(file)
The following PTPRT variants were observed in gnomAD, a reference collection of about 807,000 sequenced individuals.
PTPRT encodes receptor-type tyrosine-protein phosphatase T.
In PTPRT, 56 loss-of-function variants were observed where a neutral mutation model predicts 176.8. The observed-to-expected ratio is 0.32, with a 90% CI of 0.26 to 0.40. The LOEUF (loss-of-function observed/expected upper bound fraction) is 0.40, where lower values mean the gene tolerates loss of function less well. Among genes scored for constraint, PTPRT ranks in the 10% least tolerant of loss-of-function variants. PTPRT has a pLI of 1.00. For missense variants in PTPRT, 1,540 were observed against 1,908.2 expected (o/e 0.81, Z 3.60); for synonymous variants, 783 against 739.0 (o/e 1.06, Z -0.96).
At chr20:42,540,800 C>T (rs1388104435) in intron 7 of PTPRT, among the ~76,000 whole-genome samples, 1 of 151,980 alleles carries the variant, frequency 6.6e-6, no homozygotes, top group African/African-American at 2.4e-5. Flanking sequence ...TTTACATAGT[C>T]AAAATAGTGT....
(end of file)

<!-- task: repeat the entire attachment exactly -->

The following PTPRT variants were observed in gnomAD, a reference collection of about 807,000 sequenced individuals.
PTPRT encodes receptor-type tyrosine-protein phosphatase T.
In PTPRT, 56 loss-of-function variants were observed where a neutral mutation model predicts 176.8. The observed-to-expected ratio is 0.32, with a 90% CI of 0.26 to 0.40. The LOEUF (loss-of-function observed/expected upper bound fraction) is 0.40, where lower values mean the gene tolerates loss of function less well. Among genes scored for constraint, PTPRT ranks in the 10% least tolerant of loss-of-function variants. PTPRT has a pLI of 1.00. For missense variants in PTPRT, 1,540 were observed against 1,908.2 expected (o/e 0.81, Z 3.60); for synonymous variants, 783 against 739.0 (o/e 1.06, Z -0.96).
At chr20:42,540,800 C>T (rs1388104435) in intron 7 of PTPRT, among the ~76,000 whole-genome samples, 1 of 151,980 alleles carries the variant, frequency 6.6e-6, no homozygotes, top group African/African-American at 2.4e-5. Flanking sequence ...TTTACATAGT[C>T]AAAATAGTGT....